Cows get eviction notice

  In what the Forest Guardians' John Horning calls "evidence of an agency that's finally getting it," the Forest Service has agreed to begin removing cattle from 230 miles of Southwestern streams.


The Tucson, Ariz.-based Southwest Center for Biological Diversity and the Santa Fe, N.M.-based Forest Guardians filed separate lawsuits against the Forest Service last year, charging the agency had failed to consider the impacts of streamside cattle grazing on several endangered species (HCN, 3/30/98).


The Forest Service offered to consult with the Fish and Wildlife Service by July 15, but environmental groups said this wasn't fast enough. "This agency has never produced something on time," says Horning. In the agreement reached on April 16, the agency said it would immediately begin removing cattle from 49 grazing allotments, most in forests on the Arizona-New Mexico border.


The agreement, designed to protect the habitat of three endangered fish species and the southwestern willow flycatcher, an endangered migratory songbird, was challenged by the New Mexico Cattlegrowers Association. The group said the cost of fencing off streams and building new water sources for cattle would drive many ranchers out of business. A U.S. district judge rejected the challenge and upheld the ban.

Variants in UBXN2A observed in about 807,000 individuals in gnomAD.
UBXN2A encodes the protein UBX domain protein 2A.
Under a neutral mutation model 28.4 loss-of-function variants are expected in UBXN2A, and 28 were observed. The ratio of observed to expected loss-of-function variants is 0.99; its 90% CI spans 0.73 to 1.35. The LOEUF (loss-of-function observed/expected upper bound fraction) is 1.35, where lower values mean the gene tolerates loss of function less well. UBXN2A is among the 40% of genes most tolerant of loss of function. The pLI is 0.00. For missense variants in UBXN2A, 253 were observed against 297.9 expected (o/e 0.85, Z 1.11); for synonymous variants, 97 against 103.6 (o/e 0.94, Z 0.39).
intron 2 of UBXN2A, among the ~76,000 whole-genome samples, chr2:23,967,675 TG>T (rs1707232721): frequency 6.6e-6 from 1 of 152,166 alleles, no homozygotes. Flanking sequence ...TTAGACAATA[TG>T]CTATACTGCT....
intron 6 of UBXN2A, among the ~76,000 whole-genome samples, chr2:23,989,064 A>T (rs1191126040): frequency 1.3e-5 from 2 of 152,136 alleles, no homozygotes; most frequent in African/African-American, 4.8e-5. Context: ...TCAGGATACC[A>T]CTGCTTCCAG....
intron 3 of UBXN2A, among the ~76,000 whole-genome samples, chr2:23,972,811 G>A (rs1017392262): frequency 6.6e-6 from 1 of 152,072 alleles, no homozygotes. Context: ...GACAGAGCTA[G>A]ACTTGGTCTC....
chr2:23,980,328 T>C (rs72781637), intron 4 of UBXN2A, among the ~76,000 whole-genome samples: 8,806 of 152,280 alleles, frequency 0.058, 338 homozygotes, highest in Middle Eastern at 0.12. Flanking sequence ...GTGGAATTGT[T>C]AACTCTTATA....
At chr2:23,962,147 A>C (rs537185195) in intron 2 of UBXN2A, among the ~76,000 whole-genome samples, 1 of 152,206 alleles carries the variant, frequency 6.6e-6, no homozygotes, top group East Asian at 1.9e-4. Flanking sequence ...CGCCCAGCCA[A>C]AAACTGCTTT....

"When you begin to take away numbers (of ranchers), you lose the infrastructure and support for these rural economies," says Caren Cowan, president of the New Mexico Cattlegrowers Association. Reforms may be necessary, she says, but "they have to be done on a case-by-case basis."


"Nearly every one of those rivers are severely overgrazed," responds Horning. "If (the Forest Service) had done a better job of taking care of the land, it would have been easier for them to challenge our call for a grazing ban."


*Michelle Nijhuis


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